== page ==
Rand Paul's libertarian beliefs, including a respect for the Bill of Rights that conservatives share, guide his actions. But they also generate a lot of bad blood.
It was the parliamentary maneuvering of the junior senator from Kentucky that caused the USA PATRIOT Act to lapse at 12:01 a.m. Monday. On the campaign trail Paul had called for the repeal of the legislation that was enacted in 2001 after the 9/11 terrorist attacks and the anthrax letter scare on Capitol Hill. He argues that it violates Americans' right to privacy.
On Sunday after waging a 10-hour filibuster earlier in the week against a bill that would prolong the life of the statute, Paul explained his actions to Politico newspaper:
'Let me be clear: I acknowledge the need for a robust intelligence agency and for a vigilant national security. I believe we must fight terrorism, and I believe we must stand strong against our enemies. But we do not need to give up who we are to defeat them. In fact, we must not. There has to be another way. We must find it together. So tomorrow, I will force the expiration of the NSA illegal spy[ing] program. I am ready and willing to start the debate on how we fight terrorism without giving up our liberty."
Although conservatives can find common cause with libertarians like Rand Paul on a host of issues from taxation to the Fed's destructive long-term easy money policies to gun rights, there is a kind of loophole in libertarian thinking that can sabotage efforts at national defense.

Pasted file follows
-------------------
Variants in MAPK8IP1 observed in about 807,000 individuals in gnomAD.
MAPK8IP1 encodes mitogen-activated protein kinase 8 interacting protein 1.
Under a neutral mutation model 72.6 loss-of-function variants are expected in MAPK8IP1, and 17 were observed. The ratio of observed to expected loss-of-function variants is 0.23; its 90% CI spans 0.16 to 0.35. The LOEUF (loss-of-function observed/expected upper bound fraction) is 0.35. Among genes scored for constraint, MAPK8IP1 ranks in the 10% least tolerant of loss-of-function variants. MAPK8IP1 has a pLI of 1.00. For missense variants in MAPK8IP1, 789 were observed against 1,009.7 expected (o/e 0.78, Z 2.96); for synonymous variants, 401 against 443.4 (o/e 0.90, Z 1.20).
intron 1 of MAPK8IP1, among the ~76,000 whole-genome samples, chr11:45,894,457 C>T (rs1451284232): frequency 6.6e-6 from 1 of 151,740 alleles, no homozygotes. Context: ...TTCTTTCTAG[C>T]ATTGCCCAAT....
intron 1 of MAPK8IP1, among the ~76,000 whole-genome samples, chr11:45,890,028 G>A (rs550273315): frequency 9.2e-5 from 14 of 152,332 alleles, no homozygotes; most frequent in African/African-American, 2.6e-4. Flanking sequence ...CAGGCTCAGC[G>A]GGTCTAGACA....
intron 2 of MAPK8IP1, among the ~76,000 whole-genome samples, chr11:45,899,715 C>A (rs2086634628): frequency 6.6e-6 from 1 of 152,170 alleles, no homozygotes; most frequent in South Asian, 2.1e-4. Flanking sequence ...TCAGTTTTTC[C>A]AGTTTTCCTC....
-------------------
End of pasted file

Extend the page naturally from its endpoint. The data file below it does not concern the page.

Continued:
The libertarians' Achilles heel is known as the non-aggression principle.
According to one prominent keeper of the libertarian flame:
"[t]he non-aggression principle (also called the non-aggression axiom, or the anti-coercion or zero aggression principle or non-initiation of force) is an ethical stance which asserts that 'aggression' is inherently illegitimate. 'Aggression' is defined as the 'initiation' of physical force against persons or property, the threat of such, or fraud upon persons or their property. In contrast to pacifism, the non-aggression principle does not preclude violent self-defense. The principle is a deontological (or rule-based) ethical stance."
In a nutshell, government is supposed to have a lawful monopoly on the initiation of force which it is supposed to use to protect life and property from fraud or the illegal use of force. Conservatives and classical liberals generally don't have a problem with the non-aggression principle which to many Americans sounds like a commonsense proposition.
The problem is when libertarians like Rand Paul apply the non-aggression principle to the so-called community of nations. A kind of nation-to-nation relativism sets in as every nation, no matter how evil, rotten, corrupt, or dangerous it may be is treated by libertarians as an equal of the United States. All nations have rights.